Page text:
2. Videotape stories from the people most impacted by your work. Group the stories in themes that show the range of outcomes from your work. Post the videos on your website and use them to tell your organization's story.

I've had the privilege of consulting with the FATHER Project for past year and a half, supporting their planning and evaluation. This summer we videotaped several participants as they told their own stories about how the project has impacted their lives. We linked short video clips from these interviews to the logic model for the project, so a personal story illustrates each intended outcome.

And a few more tips:

3. Embed videos within email newsletters and updates, giving people another way to receive your message.
4. Invite children that are connected with your work to write their own stories and make these stories into movies. The process of making and showing these movies can be a great community builder. I'm doing that this week with East African children at high-rise buildings in my neighborhood.
5. Envision the future of your organization and community by making videos that combine images and sounds that express the vision you are working toward.
6. Get started. You don't have to be an expert in movie making. Experiment, post it online, and ask for feedback.

I'd be glad to do a free consultation with you about how you could effectively use video in your organization. More examples of videos I've made with organizations are on my website.

Tuesday, July 13, 2010

Engaging with Institutions as Living Entities

I was grateful to receive these reflections on the spirit of institutions from Michelle Bizek. I liked them so much that I wanted to share them here:

It seems to me that the term “institution” could be synonymous with a living entity composed of living, interactive systems and that the simplest expression of this living entity is the individual and more complex expressions include groups (i.e. churches, social clubs, Boy Scouts, etc.), businesses, governments (local, state, national), nations, and finally, humanity.

Each of these living entities has a spiritual ethos and I think if we look at the simpler human system and what influences and shifts it toward a healthier expression then those principles can also be applied to the larger systems. For example, we know that personal change is more efficient when we receive permission and agreement from the subject. Of course we can intercede and practice aggressive prayer for a person, but the effecting of change, most of the time, comes more readily when the person expresses permission for your influence and agrees to work with you toward change. It is like the difference between walking around the block praying for the person in house #123 or knocking on his door, going inside, and opening dialog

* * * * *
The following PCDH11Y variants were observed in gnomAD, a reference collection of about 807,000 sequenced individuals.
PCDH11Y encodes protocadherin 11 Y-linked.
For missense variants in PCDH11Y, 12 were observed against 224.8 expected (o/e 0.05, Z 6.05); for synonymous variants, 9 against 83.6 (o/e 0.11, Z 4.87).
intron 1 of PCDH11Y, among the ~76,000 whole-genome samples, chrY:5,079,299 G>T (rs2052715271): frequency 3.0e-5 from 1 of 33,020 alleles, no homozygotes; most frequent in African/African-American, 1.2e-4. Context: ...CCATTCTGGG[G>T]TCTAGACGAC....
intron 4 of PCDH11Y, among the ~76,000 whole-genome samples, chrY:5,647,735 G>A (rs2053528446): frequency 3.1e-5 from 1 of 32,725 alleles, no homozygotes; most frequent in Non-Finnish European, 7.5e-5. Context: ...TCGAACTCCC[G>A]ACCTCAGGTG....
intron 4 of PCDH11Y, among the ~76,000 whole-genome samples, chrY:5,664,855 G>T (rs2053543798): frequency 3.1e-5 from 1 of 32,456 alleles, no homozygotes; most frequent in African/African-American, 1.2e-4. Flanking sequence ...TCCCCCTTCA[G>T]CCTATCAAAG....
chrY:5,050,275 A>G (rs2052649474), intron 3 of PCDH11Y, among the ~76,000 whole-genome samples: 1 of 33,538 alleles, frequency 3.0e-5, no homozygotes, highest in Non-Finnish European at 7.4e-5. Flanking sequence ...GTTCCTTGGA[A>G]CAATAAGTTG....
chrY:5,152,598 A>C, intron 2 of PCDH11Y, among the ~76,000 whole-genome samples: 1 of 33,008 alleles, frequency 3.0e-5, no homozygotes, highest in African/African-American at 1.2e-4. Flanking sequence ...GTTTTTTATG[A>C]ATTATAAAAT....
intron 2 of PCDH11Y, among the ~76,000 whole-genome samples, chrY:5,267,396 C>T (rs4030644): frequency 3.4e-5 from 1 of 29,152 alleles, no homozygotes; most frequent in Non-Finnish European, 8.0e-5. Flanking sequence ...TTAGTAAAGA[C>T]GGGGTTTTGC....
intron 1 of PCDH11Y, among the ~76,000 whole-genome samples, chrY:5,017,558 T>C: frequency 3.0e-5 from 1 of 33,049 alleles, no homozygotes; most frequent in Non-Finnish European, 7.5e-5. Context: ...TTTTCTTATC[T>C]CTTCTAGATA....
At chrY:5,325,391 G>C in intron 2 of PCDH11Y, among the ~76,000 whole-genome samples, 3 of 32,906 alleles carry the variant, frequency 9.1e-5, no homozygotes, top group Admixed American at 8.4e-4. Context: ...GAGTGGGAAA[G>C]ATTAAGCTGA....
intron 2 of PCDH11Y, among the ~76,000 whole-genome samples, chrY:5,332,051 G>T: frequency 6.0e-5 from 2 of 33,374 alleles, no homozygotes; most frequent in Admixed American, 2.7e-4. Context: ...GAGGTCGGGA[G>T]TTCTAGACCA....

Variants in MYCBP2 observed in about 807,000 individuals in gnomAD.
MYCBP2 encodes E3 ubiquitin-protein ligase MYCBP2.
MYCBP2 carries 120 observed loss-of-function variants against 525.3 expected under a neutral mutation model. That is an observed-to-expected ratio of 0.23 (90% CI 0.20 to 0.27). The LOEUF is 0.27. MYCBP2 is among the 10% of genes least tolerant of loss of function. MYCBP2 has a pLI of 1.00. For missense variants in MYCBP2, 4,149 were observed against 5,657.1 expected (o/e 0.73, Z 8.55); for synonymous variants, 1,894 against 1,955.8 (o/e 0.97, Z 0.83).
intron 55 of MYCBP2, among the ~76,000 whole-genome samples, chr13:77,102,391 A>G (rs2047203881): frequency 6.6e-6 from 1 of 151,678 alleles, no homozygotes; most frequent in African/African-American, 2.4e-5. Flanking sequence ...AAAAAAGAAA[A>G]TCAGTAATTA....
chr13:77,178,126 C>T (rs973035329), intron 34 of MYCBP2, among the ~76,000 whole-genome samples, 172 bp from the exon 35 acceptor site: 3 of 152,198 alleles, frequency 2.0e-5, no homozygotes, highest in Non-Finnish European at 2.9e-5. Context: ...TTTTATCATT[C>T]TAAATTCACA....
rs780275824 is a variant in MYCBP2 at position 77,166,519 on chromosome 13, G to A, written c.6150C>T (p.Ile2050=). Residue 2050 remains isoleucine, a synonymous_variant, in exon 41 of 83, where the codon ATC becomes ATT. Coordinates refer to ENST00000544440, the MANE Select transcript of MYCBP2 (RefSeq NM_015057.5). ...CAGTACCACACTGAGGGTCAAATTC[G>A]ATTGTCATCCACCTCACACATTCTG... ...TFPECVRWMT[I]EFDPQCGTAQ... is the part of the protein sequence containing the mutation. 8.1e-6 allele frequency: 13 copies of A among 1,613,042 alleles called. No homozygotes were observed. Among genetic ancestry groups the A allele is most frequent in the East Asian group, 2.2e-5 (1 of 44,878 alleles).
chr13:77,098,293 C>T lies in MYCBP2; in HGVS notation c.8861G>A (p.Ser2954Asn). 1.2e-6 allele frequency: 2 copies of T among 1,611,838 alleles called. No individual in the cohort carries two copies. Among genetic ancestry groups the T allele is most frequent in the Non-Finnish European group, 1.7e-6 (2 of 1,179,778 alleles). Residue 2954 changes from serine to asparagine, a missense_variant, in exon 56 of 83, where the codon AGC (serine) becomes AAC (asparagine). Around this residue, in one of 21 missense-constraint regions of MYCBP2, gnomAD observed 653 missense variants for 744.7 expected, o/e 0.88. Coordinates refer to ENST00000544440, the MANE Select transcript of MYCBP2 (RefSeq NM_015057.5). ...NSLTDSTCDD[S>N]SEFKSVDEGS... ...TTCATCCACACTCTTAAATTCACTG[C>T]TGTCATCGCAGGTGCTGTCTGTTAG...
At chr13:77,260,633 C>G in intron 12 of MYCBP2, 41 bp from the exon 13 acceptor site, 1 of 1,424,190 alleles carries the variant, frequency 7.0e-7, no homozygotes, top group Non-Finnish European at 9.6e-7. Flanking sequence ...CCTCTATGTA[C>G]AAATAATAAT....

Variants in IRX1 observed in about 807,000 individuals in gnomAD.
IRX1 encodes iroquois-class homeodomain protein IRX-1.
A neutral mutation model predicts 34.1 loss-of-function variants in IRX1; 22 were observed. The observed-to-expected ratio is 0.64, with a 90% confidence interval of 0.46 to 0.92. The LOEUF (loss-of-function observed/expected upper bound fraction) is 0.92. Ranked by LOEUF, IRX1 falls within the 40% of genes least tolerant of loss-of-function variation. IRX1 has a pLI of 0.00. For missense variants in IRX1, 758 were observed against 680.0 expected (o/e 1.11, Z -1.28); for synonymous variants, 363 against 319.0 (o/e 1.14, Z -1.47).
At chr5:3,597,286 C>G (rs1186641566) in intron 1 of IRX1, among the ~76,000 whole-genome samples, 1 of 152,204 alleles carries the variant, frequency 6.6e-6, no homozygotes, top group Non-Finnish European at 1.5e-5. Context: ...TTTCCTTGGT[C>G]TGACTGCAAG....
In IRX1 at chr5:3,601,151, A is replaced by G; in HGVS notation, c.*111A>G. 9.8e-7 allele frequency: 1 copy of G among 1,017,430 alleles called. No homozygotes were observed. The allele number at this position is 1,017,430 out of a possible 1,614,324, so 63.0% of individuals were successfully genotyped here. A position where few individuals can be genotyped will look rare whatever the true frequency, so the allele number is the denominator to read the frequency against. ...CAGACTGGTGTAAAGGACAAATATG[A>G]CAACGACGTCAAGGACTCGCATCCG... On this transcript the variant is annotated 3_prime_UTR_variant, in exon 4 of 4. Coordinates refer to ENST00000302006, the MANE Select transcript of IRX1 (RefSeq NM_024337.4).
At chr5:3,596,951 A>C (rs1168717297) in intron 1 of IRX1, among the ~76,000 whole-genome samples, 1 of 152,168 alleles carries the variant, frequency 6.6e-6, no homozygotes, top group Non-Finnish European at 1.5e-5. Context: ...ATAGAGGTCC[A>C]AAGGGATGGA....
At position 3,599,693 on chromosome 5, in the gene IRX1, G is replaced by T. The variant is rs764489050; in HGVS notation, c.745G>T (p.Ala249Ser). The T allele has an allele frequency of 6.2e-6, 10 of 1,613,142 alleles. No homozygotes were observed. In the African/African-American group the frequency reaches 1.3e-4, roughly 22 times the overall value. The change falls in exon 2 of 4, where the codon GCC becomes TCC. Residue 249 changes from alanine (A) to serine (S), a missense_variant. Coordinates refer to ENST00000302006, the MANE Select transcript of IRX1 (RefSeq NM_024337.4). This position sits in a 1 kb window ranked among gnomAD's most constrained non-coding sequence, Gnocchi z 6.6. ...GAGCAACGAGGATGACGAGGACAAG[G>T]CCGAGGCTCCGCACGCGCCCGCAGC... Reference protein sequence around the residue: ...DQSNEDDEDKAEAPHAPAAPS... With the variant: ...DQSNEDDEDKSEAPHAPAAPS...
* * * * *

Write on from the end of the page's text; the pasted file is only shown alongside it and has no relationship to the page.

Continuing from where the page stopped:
with him. Once you are inside talking with him you learn what he believes, how he thinks, what he values, his habits, how he makes decisions, his history, his fears, and his dreams. Now you can pray with greater specificity and he knows you are connecting to what is relevant to him. You are engaging the spirit of the man, freeing him from the “illusions spun over” him.

Taking this to the institutional level, I think that learning these same things about the institution will reveal the spirit of the institution. Once that is identified, abberations in the dominant
characteristics and expressions reveal “ the demonic…arising within the institution” and give us the specificity for targeted prayer for change as we “recall it to its divine vocation.”

Spiritual discernment will help us differentiate between the spirit of the man, the institution, the demonic, and the holy, and the information provided by each; this is essential for efficient prayer.

- Michelle Bizek

Monday, June 28, 2010

Whole Systems Healing & Appreciative Inquiry

Earlier this month, I participated in a conference on "Whole Systems Healing" put on by the Center for Spirituality and Healing at the University of Minnesota and the Life Science Foundation. At the conference, I helped video tape interviews with some of the presenters. I'd like to share this interview with Diana Whitney with you. Diana is one of the leaders in the field of Appreciative Inquiry. If you want to know how to bring out the best in your organization, listen to Diana. I draw on Appreciative Inquiry in much of the work I do with organizations. It was an honor to connect with Diana. I also recommend the other interviews we did at the conference. If we won't quickly learn how to heal large human systems, we're in big trouble. I was quite encouraged by the many streams of systemic healing that came together in this conference.

Thursday, May 20, 2010

Free Hour of Consultation: Assessing the spirit of your organization & leadership

A special offer for organizations in the Twin Cities who are helping build healthy and just communities

Free Hour of Consultation: Assessing the spirit of your organization & leadership